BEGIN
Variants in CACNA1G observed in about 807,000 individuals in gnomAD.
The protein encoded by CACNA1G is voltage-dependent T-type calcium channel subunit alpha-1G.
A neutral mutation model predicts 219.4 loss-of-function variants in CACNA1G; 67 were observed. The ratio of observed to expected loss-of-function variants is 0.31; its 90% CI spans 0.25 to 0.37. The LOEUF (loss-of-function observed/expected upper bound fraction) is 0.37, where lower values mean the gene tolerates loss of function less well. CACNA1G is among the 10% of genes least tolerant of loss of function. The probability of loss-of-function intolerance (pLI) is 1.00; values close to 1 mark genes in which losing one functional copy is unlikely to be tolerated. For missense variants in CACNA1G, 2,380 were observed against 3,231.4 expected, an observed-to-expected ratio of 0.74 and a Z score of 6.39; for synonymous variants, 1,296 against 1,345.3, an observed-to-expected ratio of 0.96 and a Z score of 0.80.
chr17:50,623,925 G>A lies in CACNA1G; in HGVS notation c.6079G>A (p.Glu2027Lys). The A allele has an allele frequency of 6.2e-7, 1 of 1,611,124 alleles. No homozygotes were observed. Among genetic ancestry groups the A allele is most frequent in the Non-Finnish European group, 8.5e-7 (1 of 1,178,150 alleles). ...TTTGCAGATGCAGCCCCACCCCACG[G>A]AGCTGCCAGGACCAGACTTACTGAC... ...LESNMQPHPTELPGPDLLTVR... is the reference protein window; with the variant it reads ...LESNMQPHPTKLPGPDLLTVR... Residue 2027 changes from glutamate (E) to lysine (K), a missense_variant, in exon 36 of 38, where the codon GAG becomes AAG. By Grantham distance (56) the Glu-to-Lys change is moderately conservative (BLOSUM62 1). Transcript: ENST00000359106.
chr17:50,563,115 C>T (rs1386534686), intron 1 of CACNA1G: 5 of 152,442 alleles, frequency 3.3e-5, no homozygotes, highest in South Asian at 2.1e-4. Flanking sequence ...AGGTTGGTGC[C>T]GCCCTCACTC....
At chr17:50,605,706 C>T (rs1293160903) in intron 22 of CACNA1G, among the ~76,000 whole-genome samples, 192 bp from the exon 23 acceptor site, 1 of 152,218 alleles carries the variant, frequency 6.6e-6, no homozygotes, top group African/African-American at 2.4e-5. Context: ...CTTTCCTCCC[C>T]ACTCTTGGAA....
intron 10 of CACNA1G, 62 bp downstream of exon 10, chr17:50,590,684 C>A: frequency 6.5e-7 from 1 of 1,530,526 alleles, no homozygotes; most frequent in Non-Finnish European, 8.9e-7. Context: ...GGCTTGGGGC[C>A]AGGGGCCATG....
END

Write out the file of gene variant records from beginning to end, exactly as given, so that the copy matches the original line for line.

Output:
Variants in CACNA1G observed in about 807,000 individuals in gnomAD.
The protein encoded by CACNA1G is voltage-dependent T-type calcium channel subunit alpha-1G.
A neutral mutation model predicts 219.4 loss-of-function variants in CACNA1G; 67 were observed. The ratio of observed to expected loss-of-function variants is 0.31; its 90% CI spans 0.25 to 0.37. The LOEUF (loss-of-function observed/expected upper bound fraction) is 0.37, where lower values mean the gene tolerates loss of function less well. CACNA1G is among the 10% of genes least tolerant of loss of function. The probability of loss-of-function intolerance (pLI) is 1.00; values close to 1 mark genes in which losing one functional copy is unlikely to be tolerated. For missense variants in CACNA1G, 2,380 were observed against 3,231.4 expected, an observed-to-expected ratio of 0.74 and a Z score of 6.39; for synonymous variants, 1,296 against 1,345.3, an observed-to-expected ratio of 0.96 and a Z score of 0.80.
chr17:50,623,925 G>A lies in CACNA1G; in HGVS notation c.6079G>A (p.Glu2027Lys). The A allele has an allele frequency of 6.2e-7, 1 of 1,611,124 alleles. No homozygotes were observed. Among genetic ancestry groups the A allele is most frequent in the Non-Finnish European group, 8.5e-7 (1 of 1,178,150 alleles). ...TTTGCAGATGCAGCCCCACCCCACG[G>A]AGCTGCCAGGACCAGACTTACTGAC... ...LESNMQPHPTELPGPDLLTVR... is the reference protein window; with the variant it reads ...LESNMQPHPTKLPGPDLLTVR... Residue 2027 changes from glutamate (E) to lysine (K), a missense_variant, in exon 36 of 38, where the codon GAG becomes AAG. By Grantham distance (56) the Glu-to-Lys change is moderately conservative (BLOSUM62 1). Transcript: ENST00000359106.
chr17:50,563,115 C>T (rs1386534686), intron 1 of CACNA1G: 5 of 152,442 alleles, frequency 3.3e-5, no homozygotes, highest in South Asian at 2.1e-4. Flanking sequence ...AGGTTGGTGC[C>T]GCCCTCACTC....
At chr17:50,605,706 C>T (rs1293160903) in intron 22 of CACNA1G, among the ~76,000 whole-genome samples, 192 bp from the exon 23 acceptor site, 1 of 152,218 alleles carries the variant, frequency 6.6e-6, no homozygotes, top group African/African-American at 2.4e-5. Context: ...CTTTCCTCCC[C>T]ACTCTTGGAA....
intron 10 of CACNA1G, 62 bp downstream of exon 10, chr17:50,590,684 C>A: frequency 6.5e-7 from 1 of 1,530,526 alleles, no homozygotes; most frequent in Non-Finnish European, 8.9e-7. Context: ...GGCTTGGGGC[C>A]AGGGGCCATG....